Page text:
One feature we appreciated was the built-in quiet mode. Rather than waking up the kid in the next room over or interrupting a meeting, the HP Envy 4520 uses its integrated quiet mode to discreetly print out page after page, albeit at a slower pace and quality.
Similar to the printing ability of the HP Envy 4520, the text and basic document scanning were less than ideal. Smaller fonts rendered soft and even basic graphics on a page produced subpar results, regardless of what file format was used (the HP Envy 4520 supports TIFF, JPEG, PNG, BMP, and PDF formats when scanning).
When it came to photos, the scanner also proved to be lackluster. Colors were skewed, the blacks appeared faded, and detail in any highlights was lost. HP's included scanner software made it possible to solve a few of the issues, such as dialing the blacks back in, but it wasn't a fix-all. Simply put, this all-in-one is more than good enough for archiving of documents and the digitization of basic receipts and notes, but don't purchase this with the intention of digitizing family photos at high quality.
HP has been in the printer game for quite some time and it shows in its impressive software. Whether it's downloaded online or installed straight from the disc provided in the box, the software is simple to install and fairly straightforward to use. HP also has an accompanying smartphone app that makes it easy to check ink levels, change settings, control copying/scanning, and print both photos and documents from mobile devices.
The built-in Wi-Fi 802.11b/g/n made wireless printing fast and reliable, whether it was done via direct wireless printing, HP ePrint, or Apple AirPrint. Even larger images were sent to the printer in a matter of seconds and documents were almost instantaneous. The onboard USB 2.0 port also proved speedy with zero noticeable lag, but we would’ve liked to see a built-in Ethernet port and the option to print media directly from USB drives and memory cards.
The HP Envy 4520 has hovered around the $100 mark for quite some time, as of this writing you can get it for $99.98 MSRP. At first glance, the price tag appears to match the adequate features and sleek design of the HP Envy 4520, but as with all printers, the price of the printer itself isn't the one that matters so much—it's the ink. Every time the ink cartridges run dry on the HP Envy 4520, which is approximately 190 pages for the black ink and 165 pages for the color ink, a new set will cost you somewhere in the realm of $45, give or take a bit. That averages out to somewhere between eight and twelve cents a page, depending on the paper used and the mixture of ink being used in individual prints. HP does offer high-yield ink cartridges, but even those don't make much of a dent in the per-page cost in the long-run. So, while the printer itself might seem like a bargain, especially if acquired on sale or used, it will still cost a fair bit in the long run.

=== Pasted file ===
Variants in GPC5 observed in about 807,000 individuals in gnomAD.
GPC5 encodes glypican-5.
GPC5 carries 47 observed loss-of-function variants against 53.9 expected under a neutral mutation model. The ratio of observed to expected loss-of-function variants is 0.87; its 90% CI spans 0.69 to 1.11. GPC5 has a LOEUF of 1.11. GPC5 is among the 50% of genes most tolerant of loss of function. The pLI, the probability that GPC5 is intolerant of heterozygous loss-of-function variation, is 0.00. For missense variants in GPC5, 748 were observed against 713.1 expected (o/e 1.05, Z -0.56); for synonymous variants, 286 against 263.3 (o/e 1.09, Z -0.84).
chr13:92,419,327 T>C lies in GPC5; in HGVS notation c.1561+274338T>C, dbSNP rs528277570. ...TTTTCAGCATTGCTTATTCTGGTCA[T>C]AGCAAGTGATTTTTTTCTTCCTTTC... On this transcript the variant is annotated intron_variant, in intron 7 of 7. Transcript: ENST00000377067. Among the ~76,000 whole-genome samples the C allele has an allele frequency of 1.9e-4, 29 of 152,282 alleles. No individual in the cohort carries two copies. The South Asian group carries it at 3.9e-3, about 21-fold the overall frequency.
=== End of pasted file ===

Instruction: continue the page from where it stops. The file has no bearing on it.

The HP Envy 4520 competes in a rather crowded market of budget all-in-one printers. Its contemporaries include the Canon Pixma MG6820 ($130), Epson Workforce Pro WF-3720 ($85), and Brother MFC-J460DW ($75). The Brother MFC-J460DW is on par, if not slightly below the HP Envy 4520 in a number of key areas, but both the Canon Pixma MG6820 and Epson Workforce Pro WF-3720 are compelling options that offer better print quality and more features They might not be as sleek and minimal as the HP Envy 4520, but dollar for dollar, they're hard to beat, especially when taking into account the price of ink over the life of the printer.
Want to take a look at other option? Read through our list of the best photo printers on the market now.
Beauty doesn't translate to features.
All in all, the HP Envy 4520 leaves much to be desired. While it's a looker on the outside, it's lackluster under the hood and isn't easy on the wallet when printing a lot of documents or photos. If you're looking for an affordable photo printer, you're far better off spending an extra hundred dollars or so on a dedicated photo printer like Canon's PIXMA iP8720 or Epson's Expression Photo XP-8500, which retail for $180 and $200.